Berkshire Hathaway (NYSE:BRK.A) (NYSE:BRK.B) hosted its annual shareholders' meeting over the weekend, and expectedly the nuggets of investing wisdom that Warren Buffett shared have been making headlines on Monday. The Oracle of Omaha also made some bullish remarks regarding Apple (NASDAQ:AAPL), including that he leveraged experience from owning furniture stores to fully appreciate the iPhone maker's competitive advantages.

Buffett said that consumers often don't want the cheapest product, and Apple is able to justify its premium pricing since the iPhone is "very, very, very valuable product to people that build their lives around it," noting that the device appeals to a wide age spectrum of consumers. Actions speak louder than words, though, and Berkshire Hathaway has also disclosed that it has nearly tripled its position in Apple by market value.

Apple Store on Fifth Avenue

Image source: Apple.

Berkshire's recent 10-Q shows that its position in Apple is now worth $19.2 billion, up from the $7.1 billion that it ended 2016 with. All told, Buffett's bullishness has helped push Apple shares higher today, hitting fresh all-time highs and driving Apple's market cap to over $800 billion -- a first for any company.

This is old news

Juicy headlines aside, much of this was actually already known. While Berkshire Hathaway hasn't filed its quarterly 13F with the SEC quite yet, which will detail its holdings at the end of the first quarter, it's fairly easy to deduce the size of its position based on the 10-Q disclosure.

Using the closing price of Apple shares on March 31 ($143.66), we can say that Berkshire held approximately 133.6 million shares at the end of the first quarter. That's hardly changed from Buffett's comments earlier this year that Berkshire held roughly 133 million shares (worth $17 billion at the time), more than doubling its position in January alone and up nearly tenfold over the prior four months.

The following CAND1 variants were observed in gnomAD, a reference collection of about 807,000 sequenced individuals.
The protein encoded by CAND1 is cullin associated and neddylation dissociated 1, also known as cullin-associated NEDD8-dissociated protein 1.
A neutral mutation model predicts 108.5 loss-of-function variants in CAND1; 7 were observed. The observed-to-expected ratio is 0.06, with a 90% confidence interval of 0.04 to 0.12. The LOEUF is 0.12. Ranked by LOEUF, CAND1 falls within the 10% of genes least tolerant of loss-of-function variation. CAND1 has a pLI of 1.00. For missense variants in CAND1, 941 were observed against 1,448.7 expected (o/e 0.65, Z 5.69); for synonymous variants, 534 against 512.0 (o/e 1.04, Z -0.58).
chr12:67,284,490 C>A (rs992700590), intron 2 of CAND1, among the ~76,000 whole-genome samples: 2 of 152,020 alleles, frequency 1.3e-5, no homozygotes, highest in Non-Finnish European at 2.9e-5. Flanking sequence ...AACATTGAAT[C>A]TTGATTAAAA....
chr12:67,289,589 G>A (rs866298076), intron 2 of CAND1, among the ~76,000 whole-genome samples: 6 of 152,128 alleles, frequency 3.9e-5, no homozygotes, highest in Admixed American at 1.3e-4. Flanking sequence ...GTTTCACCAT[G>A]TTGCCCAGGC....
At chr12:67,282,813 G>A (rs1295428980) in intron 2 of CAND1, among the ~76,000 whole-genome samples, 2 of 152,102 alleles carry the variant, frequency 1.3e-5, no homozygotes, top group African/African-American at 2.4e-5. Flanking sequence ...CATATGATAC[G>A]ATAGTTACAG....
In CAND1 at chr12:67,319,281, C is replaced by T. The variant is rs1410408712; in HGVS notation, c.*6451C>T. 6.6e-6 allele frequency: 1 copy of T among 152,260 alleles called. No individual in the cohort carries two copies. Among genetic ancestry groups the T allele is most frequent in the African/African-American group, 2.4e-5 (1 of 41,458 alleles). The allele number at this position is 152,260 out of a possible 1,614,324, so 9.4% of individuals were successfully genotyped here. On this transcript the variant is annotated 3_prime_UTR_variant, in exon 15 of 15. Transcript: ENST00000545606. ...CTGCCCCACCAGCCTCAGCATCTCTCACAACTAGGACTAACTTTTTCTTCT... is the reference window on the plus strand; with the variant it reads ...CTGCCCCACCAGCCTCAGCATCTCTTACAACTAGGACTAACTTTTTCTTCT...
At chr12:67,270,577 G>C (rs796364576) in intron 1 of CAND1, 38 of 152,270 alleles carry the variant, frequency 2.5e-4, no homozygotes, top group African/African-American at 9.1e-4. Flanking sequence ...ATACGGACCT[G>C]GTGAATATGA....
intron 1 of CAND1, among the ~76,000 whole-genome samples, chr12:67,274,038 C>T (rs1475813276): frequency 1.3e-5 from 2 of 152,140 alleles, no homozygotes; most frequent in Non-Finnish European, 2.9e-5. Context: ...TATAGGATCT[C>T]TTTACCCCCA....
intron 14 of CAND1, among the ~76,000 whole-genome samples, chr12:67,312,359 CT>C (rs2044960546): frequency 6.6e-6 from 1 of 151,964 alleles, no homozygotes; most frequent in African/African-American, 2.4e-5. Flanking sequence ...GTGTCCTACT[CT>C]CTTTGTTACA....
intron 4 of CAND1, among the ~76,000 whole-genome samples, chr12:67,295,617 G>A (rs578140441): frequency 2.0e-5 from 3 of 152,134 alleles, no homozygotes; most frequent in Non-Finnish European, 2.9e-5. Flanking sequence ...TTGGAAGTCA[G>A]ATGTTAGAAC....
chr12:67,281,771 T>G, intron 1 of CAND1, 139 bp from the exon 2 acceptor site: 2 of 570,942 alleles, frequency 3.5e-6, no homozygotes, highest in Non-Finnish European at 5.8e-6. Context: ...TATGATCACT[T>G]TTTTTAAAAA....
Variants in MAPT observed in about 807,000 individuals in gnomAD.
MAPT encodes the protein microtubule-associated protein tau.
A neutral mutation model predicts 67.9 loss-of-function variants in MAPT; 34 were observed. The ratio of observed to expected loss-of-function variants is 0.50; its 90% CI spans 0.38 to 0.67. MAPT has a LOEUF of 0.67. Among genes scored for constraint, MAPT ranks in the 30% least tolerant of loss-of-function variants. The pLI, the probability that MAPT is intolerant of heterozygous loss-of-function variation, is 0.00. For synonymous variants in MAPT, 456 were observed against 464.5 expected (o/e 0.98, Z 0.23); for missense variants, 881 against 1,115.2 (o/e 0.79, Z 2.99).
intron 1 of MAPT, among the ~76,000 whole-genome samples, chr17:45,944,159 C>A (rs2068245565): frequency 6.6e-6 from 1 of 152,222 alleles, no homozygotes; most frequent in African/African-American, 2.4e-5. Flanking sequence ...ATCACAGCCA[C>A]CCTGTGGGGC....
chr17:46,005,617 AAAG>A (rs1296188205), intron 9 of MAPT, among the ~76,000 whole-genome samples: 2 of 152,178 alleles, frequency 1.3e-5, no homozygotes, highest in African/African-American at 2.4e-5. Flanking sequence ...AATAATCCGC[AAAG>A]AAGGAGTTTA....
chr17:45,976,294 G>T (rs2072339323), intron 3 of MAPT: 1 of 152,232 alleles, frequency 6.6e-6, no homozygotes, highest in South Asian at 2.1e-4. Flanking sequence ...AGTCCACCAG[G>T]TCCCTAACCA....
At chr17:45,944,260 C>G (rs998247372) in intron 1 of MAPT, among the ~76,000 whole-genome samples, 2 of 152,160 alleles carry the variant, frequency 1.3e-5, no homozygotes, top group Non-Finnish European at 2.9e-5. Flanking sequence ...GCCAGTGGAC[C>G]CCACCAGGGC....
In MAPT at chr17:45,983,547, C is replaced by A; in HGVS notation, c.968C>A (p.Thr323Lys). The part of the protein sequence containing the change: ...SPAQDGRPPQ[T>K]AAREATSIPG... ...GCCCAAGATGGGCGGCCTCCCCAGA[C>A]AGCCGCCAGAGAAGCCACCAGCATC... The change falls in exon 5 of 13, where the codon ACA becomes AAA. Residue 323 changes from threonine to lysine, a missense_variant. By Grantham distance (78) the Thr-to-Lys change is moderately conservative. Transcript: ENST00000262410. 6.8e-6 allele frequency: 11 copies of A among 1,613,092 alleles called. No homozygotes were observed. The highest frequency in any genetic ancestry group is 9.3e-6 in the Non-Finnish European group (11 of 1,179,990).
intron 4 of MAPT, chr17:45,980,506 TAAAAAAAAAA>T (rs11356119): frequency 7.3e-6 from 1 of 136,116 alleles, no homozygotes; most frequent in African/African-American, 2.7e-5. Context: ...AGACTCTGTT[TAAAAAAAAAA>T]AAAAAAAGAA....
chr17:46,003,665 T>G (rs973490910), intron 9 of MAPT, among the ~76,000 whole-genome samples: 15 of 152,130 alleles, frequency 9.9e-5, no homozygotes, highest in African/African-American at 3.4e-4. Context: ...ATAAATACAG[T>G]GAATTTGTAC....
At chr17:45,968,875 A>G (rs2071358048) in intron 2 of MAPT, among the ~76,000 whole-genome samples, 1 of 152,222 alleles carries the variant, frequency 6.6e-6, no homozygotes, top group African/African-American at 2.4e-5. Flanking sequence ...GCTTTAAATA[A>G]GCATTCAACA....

Apple shares enjoyed a solid first quarter, gaining almost 25% and boosting the market value of Berkshire's holdings, even if the absolute number of shares was previously disclosed.

AAPL Chart

AAPL data by YCharts.

Apple could have already been a $1 trillion company by now

The $800 billion milestone is but the latest on Apple's journey to become the world's first $1 trillion company. Ironically, Apple would already be there by now if it weren't for that pesky share repurchase program. The company has now cumulatively repurchased a little over $150 billion in stock to date, but those buybacks have occurred at lower prices over the years.

It's more important to look at shares outstanding, particularly in the context of calculating Apple's market cap. Shares outstanding peaked in early 2013 at roughly 6.6 billion (split-adjusted). As of a few weeks ago, Apple had 5.2 billion shares outstanding. If we multiply the roughly 1.36 billion shares that have since been retired by current prices of about $153, that translates into an additional $208 billion in market cap that Apple could have if it hadn't aggressively started buying back its own stock hand over fist.

AAPL Shares Outstanding Chart

AAPL Shares Outstanding data by YCharts.

If anything, shares outstanding would have naturally climbed even higher from 6.6 billion over time due to stock-based compensation. Apple's market cap would be well into $1 trillion territory if it weren't for these factors.

Of course, measuring a company by market cap is fairly superficial. And even now Apple still has more cash than it can productively use. Put another way, Apple has returned $211 billion to shareholders, including dividends. If Apple had never pursued capital returns, in which case it would have never needed to issue debt, it would be worth over $1 trillion and have nearly $470 billion in cash on the balance sheet. Superficial titles aside, the capital return program was the absolute right call.

Apple will probably proceed to $1 trillion in short order anyway.

This article represents the opinion of the writer, who may disagree with the “official” recommendation position of a Motley Fool premium advisory service. We’re motley! Questioning an investing thesis -- even one of our own -- helps us all think critically about investing and make decisions that help us become smarter, happier, and richer.